“Once we believe in ourselves, we can risk curiosity, wonder, spontaneous delight, or any experience that reveals the human spirit.” ~ E. E. Cummings
Self-esteem is obviously important because it helps prevent you from eating sh**. Even when packaged in a sweet, candy-covered shell.
Self-esteem is important because as Chuck Reid remarked, “In theory, there is no difference between theory and practice; In practice, there is.” And self-esteem is what allows you to navigate reality, and your world, with authority beyond theory.
Self-esteem is important because it will make you feel safer than the love of any other human being you can come up with.
Because it lets both you and the Heavens know that you can be counted on. That you are dependable. And there are few things as exquisite as coming through when either of those call on you.
But self-esteem is also important because as E.E.Cummings points out, ‘once we believe in ourselves, we can risk curiosity, wonder, spontaneous delight or any experience that reveals the human spirit.’ – Essentially, all the things that make being alive appetizing. That make the dark, the hard, the scary, and the brutal realities of life, worth reckoning with. Why – how – why would you climb Everest without ever picking your head up to look around, to breath the air, or to note the Nature around you? Miserable. But probably also impossible.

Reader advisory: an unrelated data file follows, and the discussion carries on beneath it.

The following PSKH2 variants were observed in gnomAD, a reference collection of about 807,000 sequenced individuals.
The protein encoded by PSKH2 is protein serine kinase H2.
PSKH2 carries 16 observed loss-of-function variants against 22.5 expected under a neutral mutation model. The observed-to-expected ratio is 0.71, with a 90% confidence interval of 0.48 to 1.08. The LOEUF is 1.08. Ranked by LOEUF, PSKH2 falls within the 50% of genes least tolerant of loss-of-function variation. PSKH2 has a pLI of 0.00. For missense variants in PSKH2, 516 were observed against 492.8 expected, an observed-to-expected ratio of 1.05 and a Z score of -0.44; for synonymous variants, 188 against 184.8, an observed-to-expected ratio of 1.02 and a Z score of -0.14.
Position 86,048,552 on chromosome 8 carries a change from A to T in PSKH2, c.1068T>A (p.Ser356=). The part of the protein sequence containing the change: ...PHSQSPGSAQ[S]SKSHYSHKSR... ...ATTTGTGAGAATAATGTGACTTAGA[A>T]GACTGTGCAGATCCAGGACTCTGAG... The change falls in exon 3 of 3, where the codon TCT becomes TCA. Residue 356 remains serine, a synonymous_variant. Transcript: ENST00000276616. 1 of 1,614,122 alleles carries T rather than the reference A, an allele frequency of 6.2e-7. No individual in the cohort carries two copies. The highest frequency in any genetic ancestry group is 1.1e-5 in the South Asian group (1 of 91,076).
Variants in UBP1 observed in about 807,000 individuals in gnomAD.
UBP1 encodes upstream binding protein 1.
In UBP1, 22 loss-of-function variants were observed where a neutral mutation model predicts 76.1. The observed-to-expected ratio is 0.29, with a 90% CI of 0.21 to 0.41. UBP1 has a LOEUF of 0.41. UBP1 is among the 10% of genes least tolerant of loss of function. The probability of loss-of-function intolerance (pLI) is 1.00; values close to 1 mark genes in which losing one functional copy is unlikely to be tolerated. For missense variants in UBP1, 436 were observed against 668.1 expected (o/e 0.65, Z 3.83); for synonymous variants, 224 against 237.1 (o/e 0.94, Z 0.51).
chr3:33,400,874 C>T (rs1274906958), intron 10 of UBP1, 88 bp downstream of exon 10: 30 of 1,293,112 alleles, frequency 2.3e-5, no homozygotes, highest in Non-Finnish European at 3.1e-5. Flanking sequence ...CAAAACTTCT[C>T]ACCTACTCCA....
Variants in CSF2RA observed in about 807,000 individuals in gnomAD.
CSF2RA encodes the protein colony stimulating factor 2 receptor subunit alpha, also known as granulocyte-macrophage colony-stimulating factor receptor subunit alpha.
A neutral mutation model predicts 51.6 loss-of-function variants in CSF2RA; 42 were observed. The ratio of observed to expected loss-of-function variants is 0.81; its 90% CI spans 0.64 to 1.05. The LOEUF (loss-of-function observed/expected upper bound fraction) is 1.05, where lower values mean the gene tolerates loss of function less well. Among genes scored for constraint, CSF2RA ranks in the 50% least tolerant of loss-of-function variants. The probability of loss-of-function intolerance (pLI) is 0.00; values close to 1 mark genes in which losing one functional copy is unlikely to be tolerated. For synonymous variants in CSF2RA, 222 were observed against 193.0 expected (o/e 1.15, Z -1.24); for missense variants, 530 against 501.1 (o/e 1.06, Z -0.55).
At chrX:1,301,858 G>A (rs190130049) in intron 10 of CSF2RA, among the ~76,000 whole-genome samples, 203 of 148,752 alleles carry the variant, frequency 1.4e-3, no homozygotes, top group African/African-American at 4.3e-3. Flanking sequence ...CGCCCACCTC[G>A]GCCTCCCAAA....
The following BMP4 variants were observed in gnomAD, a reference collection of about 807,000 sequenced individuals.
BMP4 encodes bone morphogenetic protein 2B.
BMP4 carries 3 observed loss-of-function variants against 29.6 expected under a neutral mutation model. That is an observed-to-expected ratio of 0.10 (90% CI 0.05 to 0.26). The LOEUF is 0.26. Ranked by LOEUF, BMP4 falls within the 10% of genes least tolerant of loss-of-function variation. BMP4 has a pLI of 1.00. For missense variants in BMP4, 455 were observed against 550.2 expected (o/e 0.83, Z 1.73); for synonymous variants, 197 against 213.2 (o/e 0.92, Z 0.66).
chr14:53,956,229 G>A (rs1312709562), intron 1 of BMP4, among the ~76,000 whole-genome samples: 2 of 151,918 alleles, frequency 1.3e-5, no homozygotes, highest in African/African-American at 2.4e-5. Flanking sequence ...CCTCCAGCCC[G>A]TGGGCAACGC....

It takes self-esteem to enjoy the good things in life. By which of course I mean the good feelings in life.
And it takes self-esteem to take the emotional risk of engaging with the unknown and uncontrolled by you as unknown and uncontrolled by you. Which is pretty much everything, and definitely everyone, as they exist in reality.
The one best thing you could build this year is not your bank account, your career, or your body. It is your self-esteem. The others will expand with it. [If you need direction I’d recommend any of Caroline Myss’ work on the subject; The Anatomy of Your Health is a recent example. And if you need permission, I hope the essays in my philosophy for the people series help you find it. (Always, of course, your own.)]
As you build remember: the point of this image is not that the kitten sees himself as a lion. That would make the cat delusional; and the destructive, and incorrect, implication would be that self-esteem requires us to lie to ourselves about who we are. The point of the image is that the feelings that are evoked by the image of the lion – awe, respect, reverence, majesty, wonder, say – are evoked in the kitten by his own image. It is not that he imagines himself to be a lion, but that he reacts with the same awe, wonder, and reverence, to an accurate reflection of himself (a mirror). That is self-esteem. So may it be for you. And so may it be for all of us.